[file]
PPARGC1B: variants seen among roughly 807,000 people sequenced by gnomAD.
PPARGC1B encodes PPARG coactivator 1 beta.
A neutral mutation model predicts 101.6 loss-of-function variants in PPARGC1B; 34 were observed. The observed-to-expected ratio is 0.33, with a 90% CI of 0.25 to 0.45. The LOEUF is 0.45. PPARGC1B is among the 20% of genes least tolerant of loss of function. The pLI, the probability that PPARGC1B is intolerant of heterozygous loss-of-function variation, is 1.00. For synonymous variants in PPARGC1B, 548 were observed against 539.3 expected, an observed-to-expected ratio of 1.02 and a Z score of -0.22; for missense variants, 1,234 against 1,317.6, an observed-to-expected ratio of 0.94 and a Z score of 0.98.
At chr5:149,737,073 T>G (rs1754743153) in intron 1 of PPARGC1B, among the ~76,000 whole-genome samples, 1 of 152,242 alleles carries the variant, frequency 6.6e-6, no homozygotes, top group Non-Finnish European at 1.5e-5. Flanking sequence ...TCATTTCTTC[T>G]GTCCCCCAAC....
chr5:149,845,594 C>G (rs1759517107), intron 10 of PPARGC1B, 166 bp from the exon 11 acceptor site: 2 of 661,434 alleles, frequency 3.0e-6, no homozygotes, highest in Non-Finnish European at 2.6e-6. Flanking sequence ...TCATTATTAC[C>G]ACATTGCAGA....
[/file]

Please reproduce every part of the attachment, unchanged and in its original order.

PPARGC1B: variants seen among roughly 807,000 people sequenced by gnomAD.
PPARGC1B encodes PPARG coactivator 1 beta.
A neutral mutation model predicts 101.6 loss-of-function variants in PPARGC1B; 34 were observed. The observed-to-expected ratio is 0.33, with a 90% CI of 0.25 to 0.45. The LOEUF is 0.45. PPARGC1B is among the 20% of genes least tolerant of loss of function. The pLI, the probability that PPARGC1B is intolerant of heterozygous loss-of-function variation, is 1.00. For synonymous variants in PPARGC1B, 548 were observed against 539.3 expected, an observed-to-expected ratio of 1.02 and a Z score of -0.22; for missense variants, 1,234 against 1,317.6, an observed-to-expected ratio of 0.94 and a Z score of 0.98.
At chr5:149,737,073 T>G (rs1754743153) in intron 1 of PPARGC1B, among the ~76,000 whole-genome samples, 1 of 152,242 alleles carries the variant, frequency 6.6e-6, no homozygotes, top group Non-Finnish European at 1.5e-5. Flanking sequence ...TCATTTCTTC[T>G]GTCCCCCAAC....
chr5:149,845,594 C>G (rs1759517107), intron 10 of PPARGC1B, 166 bp from the exon 11 acceptor site: 2 of 661,434 alleles, frequency 3.0e-6, no homozygotes, highest in Non-Finnish European at 2.6e-6. Flanking sequence ...TCATTATTAC[C>G]ACATTGCAGA....